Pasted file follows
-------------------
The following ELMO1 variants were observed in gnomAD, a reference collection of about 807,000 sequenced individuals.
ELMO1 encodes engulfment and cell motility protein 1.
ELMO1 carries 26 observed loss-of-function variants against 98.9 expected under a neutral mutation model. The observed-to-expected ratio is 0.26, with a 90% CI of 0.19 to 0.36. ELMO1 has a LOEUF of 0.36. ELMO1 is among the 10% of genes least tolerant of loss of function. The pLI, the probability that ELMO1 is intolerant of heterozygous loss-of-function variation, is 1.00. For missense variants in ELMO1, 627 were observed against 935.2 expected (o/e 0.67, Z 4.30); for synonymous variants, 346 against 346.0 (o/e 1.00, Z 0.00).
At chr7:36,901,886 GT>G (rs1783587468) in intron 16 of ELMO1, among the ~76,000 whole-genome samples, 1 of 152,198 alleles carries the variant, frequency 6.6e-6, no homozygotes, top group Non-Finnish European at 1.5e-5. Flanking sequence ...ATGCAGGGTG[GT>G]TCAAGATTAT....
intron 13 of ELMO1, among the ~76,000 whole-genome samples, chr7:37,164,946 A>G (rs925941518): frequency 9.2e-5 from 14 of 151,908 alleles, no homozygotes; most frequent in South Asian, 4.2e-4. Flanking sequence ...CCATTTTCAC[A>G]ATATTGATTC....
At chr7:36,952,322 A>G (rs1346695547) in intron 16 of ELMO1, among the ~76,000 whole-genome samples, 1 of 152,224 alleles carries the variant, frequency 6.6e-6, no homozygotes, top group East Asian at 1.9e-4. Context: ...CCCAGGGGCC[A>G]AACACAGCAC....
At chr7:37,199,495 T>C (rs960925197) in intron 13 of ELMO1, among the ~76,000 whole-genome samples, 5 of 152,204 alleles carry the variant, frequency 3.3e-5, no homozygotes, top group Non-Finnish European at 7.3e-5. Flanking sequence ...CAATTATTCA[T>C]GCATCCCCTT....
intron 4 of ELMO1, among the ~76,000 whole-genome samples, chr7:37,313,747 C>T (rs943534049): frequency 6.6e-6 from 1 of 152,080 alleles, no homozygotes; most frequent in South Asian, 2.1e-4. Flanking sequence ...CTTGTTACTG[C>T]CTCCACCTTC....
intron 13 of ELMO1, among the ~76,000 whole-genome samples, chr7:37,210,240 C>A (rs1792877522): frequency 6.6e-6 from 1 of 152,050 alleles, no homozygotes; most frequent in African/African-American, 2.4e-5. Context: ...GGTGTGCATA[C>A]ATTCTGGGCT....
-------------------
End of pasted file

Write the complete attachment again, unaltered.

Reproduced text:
The following ELMO1 variants were observed in gnomAD, a reference collection of about 807,000 sequenced individuals.
ELMO1 encodes engulfment and cell motility protein 1.
ELMO1 carries 26 observed loss-of-function variants against 98.9 expected under a neutral mutation model. The observed-to-expected ratio is 0.26, with a 90% CI of 0.19 to 0.36. ELMO1 has a LOEUF of 0.36. ELMO1 is among the 10% of genes least tolerant of loss of function. The pLI, the probability that ELMO1 is intolerant of heterozygous loss-of-function variation, is 1.00. For missense variants in ELMO1, 627 were observed against 935.2 expected (o/e 0.67, Z 4.30); for synonymous variants, 346 against 346.0 (o/e 1.00, Z 0.00).
At chr7:36,901,886 GT>G (rs1783587468) in intron 16 of ELMO1, among the ~76,000 whole-genome samples, 1 of 152,198 alleles carries the variant, frequency 6.6e-6, no homozygotes, top group Non-Finnish European at 1.5e-5. Flanking sequence ...ATGCAGGGTG[GT>G]TCAAGATTAT....
intron 13 of ELMO1, among the ~76,000 whole-genome samples, chr7:37,164,946 A>G (rs925941518): frequency 9.2e-5 from 14 of 151,908 alleles, no homozygotes; most frequent in South Asian, 4.2e-4. Flanking sequence ...CCATTTTCAC[A>G]ATATTGATTC....
At chr7:36,952,322 A>G (rs1346695547) in intron 16 of ELMO1, among the ~76,000 whole-genome samples, 1 of 152,224 alleles carries the variant, frequency 6.6e-6, no homozygotes, top group East Asian at 1.9e-4. Context: ...CCCAGGGGCC[A>G]AACACAGCAC....
At chr7:37,199,495 T>C (rs960925197) in intron 13 of ELMO1, among the ~76,000 whole-genome samples, 5 of 152,204 alleles carry the variant, frequency 3.3e-5, no homozygotes, top group Non-Finnish European at 7.3e-5. Flanking sequence ...CAATTATTCA[T>C]GCATCCCCTT....
intron 4 of ELMO1, among the ~76,000 whole-genome samples, chr7:37,313,747 C>T (rs943534049): frequency 6.6e-6 from 1 of 152,080 alleles, no homozygotes; most frequent in South Asian, 2.1e-4. Flanking sequence ...CTTGTTACTG[C>T]CTCCACCTTC....
intron 13 of ELMO1, among the ~76,000 whole-genome samples, chr7:37,210,240 C>A (rs1792877522): frequency 6.6e-6 from 1 of 152,050 alleles, no homozygotes; most frequent in African/African-American, 2.4e-5. Context: ...GGTGTGCATA[C>A]ATTCTGGGCT....